Watch
Watching this resources will notify you when proposed changes or new versions are created so you can keep track of improvements that have been made.
Favorite
Favoriting this resource allows you to save it in the “My Resources” tab of your account. There, you can easily access this resource later when you’re ready to customize it or assign it to your students.
Modified IRR
The MIRR is a financial measure of an investment's attractiveness; it is used to rank alternative investments of equal size.
Learning Objective

Calculate a project's modified internal rate of return
Key Points

MIRR is a modification of the internal rate of return (IRR) and as such aims to resolve some problems with the IRR.

More than one IRR can be found for projects with alternating positive and negative cash flows, which leads to confusion and ambiguity. MIRR finds only one value.

MIRR = {[FV(positive cash flows, reinvestment rate)/PV(negative cash flows, finance rate)]^(1/n)}1.
Terms

reinvestment rate
The annual yield at which cash flows from an investment can be reinvested.

cost of capital
the rate of return that capital could be expected to earn in an alternative investment of equivalent risk
Full Text
The modified internal rate of return (MIRR) is a financial measure of an investment's attractiveness. It is used in capital budgeting to rank alternative investments of equal size. As the name implies, MIRR is a modification of the internal rate of return (IRR) and as such aims to resolve some problems with the IRR.
While there are several problems with the IRR, MIRR resolves two of them. Firstly, IRR assumes that interim positive cash flows are reinvested at the same rate of return as that of the project that generated them. This is usually an unrealistic scenario and a more likely situation is that the funds will be reinvested at a rate closer to the firm's cost of capital. The IRR therefore often gives an unduly optimistic picture of the projects under study. Generally, for comparing projects more fairly, the weighted average cost of capital should be used for reinvesting the interim cash flows. Secondly, more than one IRR can be found for projects with alternating positive and negative cash flows, which leads to confusion and ambiguity. MIRR finds only one value.
MIRR is calculated as follows:
Where n is the number of equal periods at the end of which the cash flows occur (not the number of cash flows), PV is present value (at the beginning of the first period), and FV is future value (at the end of the last period).
The formula adds up the negative cash flows after discounting them to time zero using the external cost of capital, adds up the positive cash flows including the proceeds of reinvestment at the external reinvestment rate to the final period, and then works out what rate of return would cause the magnitude of the discounted negative cash flows at time zero to be equivalent to the future value of the positive cash flows at the final time period.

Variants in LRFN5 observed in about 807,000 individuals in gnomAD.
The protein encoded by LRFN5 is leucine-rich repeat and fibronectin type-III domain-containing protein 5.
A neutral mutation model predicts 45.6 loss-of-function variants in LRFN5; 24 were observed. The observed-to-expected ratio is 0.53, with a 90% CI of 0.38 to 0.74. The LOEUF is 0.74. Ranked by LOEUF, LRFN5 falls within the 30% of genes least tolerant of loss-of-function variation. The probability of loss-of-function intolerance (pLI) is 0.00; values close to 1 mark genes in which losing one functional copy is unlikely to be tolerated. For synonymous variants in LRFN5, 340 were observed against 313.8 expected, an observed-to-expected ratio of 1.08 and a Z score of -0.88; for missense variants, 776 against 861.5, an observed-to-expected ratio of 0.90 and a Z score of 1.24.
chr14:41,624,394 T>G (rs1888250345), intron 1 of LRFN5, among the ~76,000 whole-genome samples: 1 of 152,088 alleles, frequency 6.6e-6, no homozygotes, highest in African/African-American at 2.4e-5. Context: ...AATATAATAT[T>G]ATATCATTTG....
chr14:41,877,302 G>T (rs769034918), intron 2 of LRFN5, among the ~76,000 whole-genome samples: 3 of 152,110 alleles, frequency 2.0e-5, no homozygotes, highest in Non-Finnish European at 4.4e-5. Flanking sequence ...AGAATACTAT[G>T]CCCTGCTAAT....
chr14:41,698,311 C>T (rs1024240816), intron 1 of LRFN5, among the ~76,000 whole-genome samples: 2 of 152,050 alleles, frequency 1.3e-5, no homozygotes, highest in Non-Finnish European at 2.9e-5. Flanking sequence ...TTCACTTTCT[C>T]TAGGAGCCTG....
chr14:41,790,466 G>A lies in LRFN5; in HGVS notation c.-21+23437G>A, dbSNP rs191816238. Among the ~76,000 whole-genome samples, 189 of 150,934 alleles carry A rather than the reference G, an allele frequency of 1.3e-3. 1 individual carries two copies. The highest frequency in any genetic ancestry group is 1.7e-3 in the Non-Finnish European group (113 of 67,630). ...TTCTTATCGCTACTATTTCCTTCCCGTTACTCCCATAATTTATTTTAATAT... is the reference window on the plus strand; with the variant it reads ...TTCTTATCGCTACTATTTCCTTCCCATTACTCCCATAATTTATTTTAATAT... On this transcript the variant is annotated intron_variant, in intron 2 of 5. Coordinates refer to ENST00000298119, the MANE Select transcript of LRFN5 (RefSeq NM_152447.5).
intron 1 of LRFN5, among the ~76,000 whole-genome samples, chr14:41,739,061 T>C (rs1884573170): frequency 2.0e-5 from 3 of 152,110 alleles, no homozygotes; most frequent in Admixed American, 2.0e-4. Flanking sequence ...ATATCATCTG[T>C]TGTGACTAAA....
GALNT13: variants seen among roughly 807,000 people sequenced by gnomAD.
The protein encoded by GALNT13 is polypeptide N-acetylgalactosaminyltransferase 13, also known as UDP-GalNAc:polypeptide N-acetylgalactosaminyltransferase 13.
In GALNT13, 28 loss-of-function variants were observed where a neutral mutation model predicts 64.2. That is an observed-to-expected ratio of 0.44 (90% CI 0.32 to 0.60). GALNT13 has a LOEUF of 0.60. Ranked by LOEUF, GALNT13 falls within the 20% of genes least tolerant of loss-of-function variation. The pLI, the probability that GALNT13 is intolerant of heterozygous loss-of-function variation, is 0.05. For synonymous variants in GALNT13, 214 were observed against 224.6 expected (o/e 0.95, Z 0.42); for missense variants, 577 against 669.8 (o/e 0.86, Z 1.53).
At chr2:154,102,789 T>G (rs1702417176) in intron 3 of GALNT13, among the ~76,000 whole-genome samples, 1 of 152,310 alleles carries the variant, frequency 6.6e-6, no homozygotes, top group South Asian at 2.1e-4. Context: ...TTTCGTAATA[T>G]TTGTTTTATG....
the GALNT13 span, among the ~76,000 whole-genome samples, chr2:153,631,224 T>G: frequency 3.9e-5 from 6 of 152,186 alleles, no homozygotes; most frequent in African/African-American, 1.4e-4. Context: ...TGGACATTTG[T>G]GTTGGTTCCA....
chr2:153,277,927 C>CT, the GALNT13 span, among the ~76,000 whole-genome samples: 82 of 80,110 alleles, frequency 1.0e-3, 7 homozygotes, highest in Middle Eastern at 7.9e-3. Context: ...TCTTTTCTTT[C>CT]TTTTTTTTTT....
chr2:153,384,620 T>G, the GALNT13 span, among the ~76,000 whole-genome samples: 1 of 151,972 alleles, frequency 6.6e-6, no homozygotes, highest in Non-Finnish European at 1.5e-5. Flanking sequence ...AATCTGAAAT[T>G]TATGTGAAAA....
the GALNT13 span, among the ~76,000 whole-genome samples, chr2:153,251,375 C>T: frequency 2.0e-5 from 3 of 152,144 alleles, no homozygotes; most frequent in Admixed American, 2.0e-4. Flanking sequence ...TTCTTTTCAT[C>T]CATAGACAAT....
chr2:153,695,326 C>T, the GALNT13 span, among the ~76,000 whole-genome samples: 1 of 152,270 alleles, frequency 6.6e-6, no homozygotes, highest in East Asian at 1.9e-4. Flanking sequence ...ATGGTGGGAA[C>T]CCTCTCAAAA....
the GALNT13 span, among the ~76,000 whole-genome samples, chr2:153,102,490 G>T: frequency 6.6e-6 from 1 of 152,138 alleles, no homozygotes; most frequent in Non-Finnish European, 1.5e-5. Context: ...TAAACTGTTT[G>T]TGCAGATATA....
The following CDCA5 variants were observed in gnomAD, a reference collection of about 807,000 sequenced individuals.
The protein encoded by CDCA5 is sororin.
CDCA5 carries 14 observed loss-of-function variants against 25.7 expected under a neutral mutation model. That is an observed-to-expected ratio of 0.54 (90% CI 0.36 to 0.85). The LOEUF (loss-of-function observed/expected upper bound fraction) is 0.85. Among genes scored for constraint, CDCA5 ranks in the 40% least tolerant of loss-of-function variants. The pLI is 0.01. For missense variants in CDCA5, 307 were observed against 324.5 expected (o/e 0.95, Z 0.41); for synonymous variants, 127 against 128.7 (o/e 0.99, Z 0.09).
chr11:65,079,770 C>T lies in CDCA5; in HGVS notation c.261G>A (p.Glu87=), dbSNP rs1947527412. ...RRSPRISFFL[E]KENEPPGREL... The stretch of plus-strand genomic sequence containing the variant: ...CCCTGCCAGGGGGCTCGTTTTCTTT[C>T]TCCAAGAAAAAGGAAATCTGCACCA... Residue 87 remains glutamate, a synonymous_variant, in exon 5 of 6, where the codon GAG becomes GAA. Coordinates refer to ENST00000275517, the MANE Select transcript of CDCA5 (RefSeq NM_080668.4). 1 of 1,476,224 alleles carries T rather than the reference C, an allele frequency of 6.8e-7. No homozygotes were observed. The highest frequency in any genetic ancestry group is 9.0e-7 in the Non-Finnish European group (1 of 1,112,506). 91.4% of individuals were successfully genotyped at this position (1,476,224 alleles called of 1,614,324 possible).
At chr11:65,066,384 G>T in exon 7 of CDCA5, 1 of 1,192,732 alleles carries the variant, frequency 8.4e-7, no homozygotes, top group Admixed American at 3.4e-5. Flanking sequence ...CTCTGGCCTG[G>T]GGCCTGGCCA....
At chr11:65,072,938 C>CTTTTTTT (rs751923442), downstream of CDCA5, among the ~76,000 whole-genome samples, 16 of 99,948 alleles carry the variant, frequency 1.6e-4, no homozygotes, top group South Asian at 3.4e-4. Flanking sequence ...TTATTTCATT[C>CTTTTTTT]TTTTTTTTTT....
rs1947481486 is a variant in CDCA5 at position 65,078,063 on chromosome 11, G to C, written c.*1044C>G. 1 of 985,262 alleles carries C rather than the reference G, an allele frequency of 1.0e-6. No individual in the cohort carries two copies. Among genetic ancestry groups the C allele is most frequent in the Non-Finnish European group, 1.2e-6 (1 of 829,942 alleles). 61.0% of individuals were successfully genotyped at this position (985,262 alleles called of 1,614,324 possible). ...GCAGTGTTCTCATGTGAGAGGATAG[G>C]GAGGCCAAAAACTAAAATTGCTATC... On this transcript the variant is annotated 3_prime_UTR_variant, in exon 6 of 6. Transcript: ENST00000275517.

Let take a look at one example. If an investment project is described by the sequence of cash flows: Year 0: 1000, year 1: 4000, year 2: 5000, year 3: 2000. Then the IRR is given by: NPV = 1000  4000 * (1+r)^{1} + 5000*(1+r)^{2} + 2000*(1+r)^{3} = 0. IRR can be 25.48%, 593.16% or 132.32%.
To calculate the MIRR, we will assume a finance rate of 10% and a reinvestment rate of 12%. First, we calculate the present value of the negative cash flows (discounted at the finance rate): PV(negative cash flows, finance rate) = 1000  4000 *(1+10%)^{1} = 4636.36.
Second, we calculate the future value of the positive cash flows (reinvested at the reinvestment rate): FV (positive cash flows, reinvestment rate) = 5000*(1+12%) +2000 = 7600.
Third, we find the MIRR: MIRR = (7600/4636.36)^{(1/3)}  1 = 17.91%.
Key Term Reference
 Future Value
 Appears in this related concepts: SinglePeriod Investment, Future Value of Annuity, and Calculating Values for Different Durations of Compounding Periods
 capital
 Appears in this related concepts: Types of Businesses, Types of Financial Markets, and Defining Capital
 capital budgeting
 Appears in this related concepts: Advantages of the IRR Method, Replacement Projects, and Defining Risks in Capital Budgeting
 cash flow
 Appears in this related concepts: Cash Flow, Interpreting the NPV, and Interpreting Overall Cash Flow
 discounting
 Appears in this related concepts: The Discount Rate, ShortTerm Approach, and Why is it Important?
 finance
 Appears in this related concepts: Committees, Personal Financial Management, and Constraint on Managers
 interim
 Appears in this related concepts: Reinvestment Risk, Disadvantages of the IRR Method, and Method of Payment
 investment
 Appears in this related concepts: The Upper Class, Functions of Corporate Finance, and Agencies
 period
 Appears in this related concepts: Number of Periods, Atomic Size, and Frequency of Sound Waves
 present value
 Appears in this related concepts: The Relationship Between Present and Future Value, Capital Leases versus Operating Leases, and Present Value and the Time Value of Money
 return
 Appears in this related concepts: Dollar Returns, Finance, Economics, and Accounting: Differences and Commonalities, and Disadvantages of the Payback Method
 scenario
 Appears in this related concepts: Applying the Decision Tree, Forecasting, and Scenario Analysis
 weighted average
 Appears in this related concepts: The Correction Factor, Calculating Expected Portfolio Returns, and Market Reporting
Sources
Boundless vets and curates highquality, openly licensed content from around the Internet. This particular resource used the following sources:
Cite This Source
Source: Boundless. “Modified IRR.” Boundless Finance. Boundless, 14 Nov. 2014. Retrieved 24 Apr. 2015 from https://www.boundless.com/finance/textbooks/boundlessfinancetextbook/capitalbudgeting11/internalrateofreturn93/modifiedirr4064850/